Chicago Theatre

175 N. State Street,
Chicago, IL 60601

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Showing 151 - 175 of 277 comments

RobertEndres on February 27, 2007 at 3:56 am

Plitt took over in the mid-60’s. Actually, the theatre was part of the ABC/Paramount chain split off after the consent decrees. Plitt worked as a circuit manager for ABC/Paramount directly under the ABC head Leonard Goldenson. The ABC owned TV station in Chicago was WBKB (Balaban & Katz Broadcasting)and the engineer who put it on the air was I. F. Jacobson, who was the technical head of the Balaban & Katz theatres. When ABC/Paramount got out of the theatre business, Plitt took over the chain. I was working part-time as a projectionist in a downstate Illinois Publix theatre (the chain had theatres under a variety of names including Paramount/Publix) at the time Plitt took over and gave circuit-wide passes to all the employees. My passes were always listed under the Plitt theatres name, and it was about that time that the top of the Chicago vertical sign was changed to Plitt.

CHICTH74 on February 26, 2007 at 5:36 pm

Also i also think that the high side attraction boards were removed durring the restoration, also the vertical sign is not the orginal one i think it is lighter than the first one and the marquee i think now has a sort of a piller think happing on the street level. If i rember right thire was a whole page in the Sun-Times or may be the Tribune i am not sure witch one. Thanks again

CHICTH74 on February 26, 2007 at 5:30 pm

I saw in the picture from the post above that the name on the vertical sign whare the B&K would be it says PLITT whan did PLITT take over from B&K?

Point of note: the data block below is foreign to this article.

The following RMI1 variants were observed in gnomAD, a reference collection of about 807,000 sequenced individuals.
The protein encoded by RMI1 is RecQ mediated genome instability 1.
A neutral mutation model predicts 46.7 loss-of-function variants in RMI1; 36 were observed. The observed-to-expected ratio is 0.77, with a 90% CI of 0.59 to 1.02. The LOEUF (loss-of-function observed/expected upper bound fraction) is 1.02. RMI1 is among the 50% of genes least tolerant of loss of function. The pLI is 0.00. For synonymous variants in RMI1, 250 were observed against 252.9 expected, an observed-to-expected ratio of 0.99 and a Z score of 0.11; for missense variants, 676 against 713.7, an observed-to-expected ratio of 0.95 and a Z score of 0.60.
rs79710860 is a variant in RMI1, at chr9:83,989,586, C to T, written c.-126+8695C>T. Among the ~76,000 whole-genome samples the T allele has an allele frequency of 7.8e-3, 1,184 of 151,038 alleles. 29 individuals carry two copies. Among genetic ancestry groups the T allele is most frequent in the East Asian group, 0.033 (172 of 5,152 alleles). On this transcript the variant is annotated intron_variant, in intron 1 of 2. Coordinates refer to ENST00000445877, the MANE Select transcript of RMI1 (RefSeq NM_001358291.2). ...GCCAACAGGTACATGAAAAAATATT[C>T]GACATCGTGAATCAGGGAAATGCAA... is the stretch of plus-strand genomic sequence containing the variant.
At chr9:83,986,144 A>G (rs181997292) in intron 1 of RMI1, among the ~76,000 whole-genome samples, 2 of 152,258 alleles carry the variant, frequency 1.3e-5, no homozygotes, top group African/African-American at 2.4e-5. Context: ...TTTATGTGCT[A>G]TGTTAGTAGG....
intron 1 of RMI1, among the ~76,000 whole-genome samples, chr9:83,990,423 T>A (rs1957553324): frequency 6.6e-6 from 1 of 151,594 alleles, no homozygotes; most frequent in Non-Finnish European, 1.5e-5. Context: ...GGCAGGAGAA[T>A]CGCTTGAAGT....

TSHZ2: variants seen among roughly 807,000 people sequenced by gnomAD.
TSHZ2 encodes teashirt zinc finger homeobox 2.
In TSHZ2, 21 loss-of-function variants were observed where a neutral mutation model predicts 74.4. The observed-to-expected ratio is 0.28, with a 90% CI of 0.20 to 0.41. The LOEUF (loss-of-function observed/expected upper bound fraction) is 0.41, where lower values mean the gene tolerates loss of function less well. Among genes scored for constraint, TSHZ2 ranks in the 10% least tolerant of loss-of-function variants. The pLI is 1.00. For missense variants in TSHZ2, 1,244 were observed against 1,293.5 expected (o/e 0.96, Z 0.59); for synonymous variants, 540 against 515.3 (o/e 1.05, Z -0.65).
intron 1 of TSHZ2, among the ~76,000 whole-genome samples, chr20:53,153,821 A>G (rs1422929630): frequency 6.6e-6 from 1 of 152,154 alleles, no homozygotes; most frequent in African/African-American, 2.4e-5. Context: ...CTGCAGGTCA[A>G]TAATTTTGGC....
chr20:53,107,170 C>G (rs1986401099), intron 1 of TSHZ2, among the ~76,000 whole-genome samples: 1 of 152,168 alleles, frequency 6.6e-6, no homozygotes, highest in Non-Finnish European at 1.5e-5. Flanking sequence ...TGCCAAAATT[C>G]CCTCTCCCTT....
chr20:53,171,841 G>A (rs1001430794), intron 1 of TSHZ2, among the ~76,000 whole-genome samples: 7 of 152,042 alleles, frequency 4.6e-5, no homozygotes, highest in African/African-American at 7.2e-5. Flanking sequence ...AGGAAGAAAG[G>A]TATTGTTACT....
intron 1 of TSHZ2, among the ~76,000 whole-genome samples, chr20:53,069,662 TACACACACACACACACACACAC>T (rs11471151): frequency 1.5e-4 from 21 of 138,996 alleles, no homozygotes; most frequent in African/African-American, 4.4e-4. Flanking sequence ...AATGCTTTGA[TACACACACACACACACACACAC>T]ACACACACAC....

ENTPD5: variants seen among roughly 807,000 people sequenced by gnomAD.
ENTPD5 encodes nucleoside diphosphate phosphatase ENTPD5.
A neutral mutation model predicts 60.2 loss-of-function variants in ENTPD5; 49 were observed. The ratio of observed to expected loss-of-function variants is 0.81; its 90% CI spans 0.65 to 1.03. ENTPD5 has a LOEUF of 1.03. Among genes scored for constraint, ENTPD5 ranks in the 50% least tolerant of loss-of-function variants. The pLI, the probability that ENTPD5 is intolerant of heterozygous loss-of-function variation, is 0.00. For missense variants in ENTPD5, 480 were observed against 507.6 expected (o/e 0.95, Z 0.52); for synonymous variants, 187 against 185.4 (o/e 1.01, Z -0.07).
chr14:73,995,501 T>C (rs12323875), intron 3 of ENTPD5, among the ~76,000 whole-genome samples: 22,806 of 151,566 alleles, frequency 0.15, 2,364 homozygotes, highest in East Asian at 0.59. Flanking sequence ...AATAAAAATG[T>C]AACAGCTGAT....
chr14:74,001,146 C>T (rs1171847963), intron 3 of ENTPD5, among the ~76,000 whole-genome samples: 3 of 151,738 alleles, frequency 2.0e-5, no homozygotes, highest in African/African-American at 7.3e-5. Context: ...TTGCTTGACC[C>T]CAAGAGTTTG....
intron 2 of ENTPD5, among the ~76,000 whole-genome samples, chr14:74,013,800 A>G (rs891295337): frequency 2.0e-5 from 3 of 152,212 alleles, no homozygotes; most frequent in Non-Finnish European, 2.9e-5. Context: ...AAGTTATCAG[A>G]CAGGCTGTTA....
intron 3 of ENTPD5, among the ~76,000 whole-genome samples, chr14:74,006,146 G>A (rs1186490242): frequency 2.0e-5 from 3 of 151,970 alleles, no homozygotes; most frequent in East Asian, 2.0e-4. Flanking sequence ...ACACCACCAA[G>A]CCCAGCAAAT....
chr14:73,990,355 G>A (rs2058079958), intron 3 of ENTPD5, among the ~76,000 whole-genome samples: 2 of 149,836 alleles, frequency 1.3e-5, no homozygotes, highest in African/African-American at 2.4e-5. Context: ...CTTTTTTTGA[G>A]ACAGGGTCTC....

Thank you for your time

GrandMogul on February 9, 2007 at 11:46 am

When did the first Hollywood-style premiere take place in Chicago, and at what theatre?

The CHICAGO TRIBUNE gives us the answer: Thursday, October 24, 1940, p. 23, c.1 (news item):


Chicago showed Hollywood something yesterday about putting on a real motion picture premiere—and a day early at that. But the rousing reception given the arriving “Northwest Mounted Police” stars and Producer Cecil B. DeMille was only a foretaste of what may be expected when Chicago has its first real motion picture premiere tonight.

The premiere of the DeMille technicolor production tonight is double barreled. First of all WGN, the Mutual network, and the Canadian corporation network will bring the radio premiere to the nation and to Canada. This is a scoop for WGN, for the premiere is exclusive over these networks. It will be presented from 7:30 to 8 o'clock on the regular In Chicago Tonight program under the direction of William A. Bacher.

dqualley on January 14, 2007 at 10:20 pm

In the 80’s when David Letterman was at NBC, he took his show to the Chicago for a week.

CHICTH74 on January 14, 2007 at 8:01 pm

A P.S. to my post above,
The Eric Zorn web blog is “ A Change of Subject"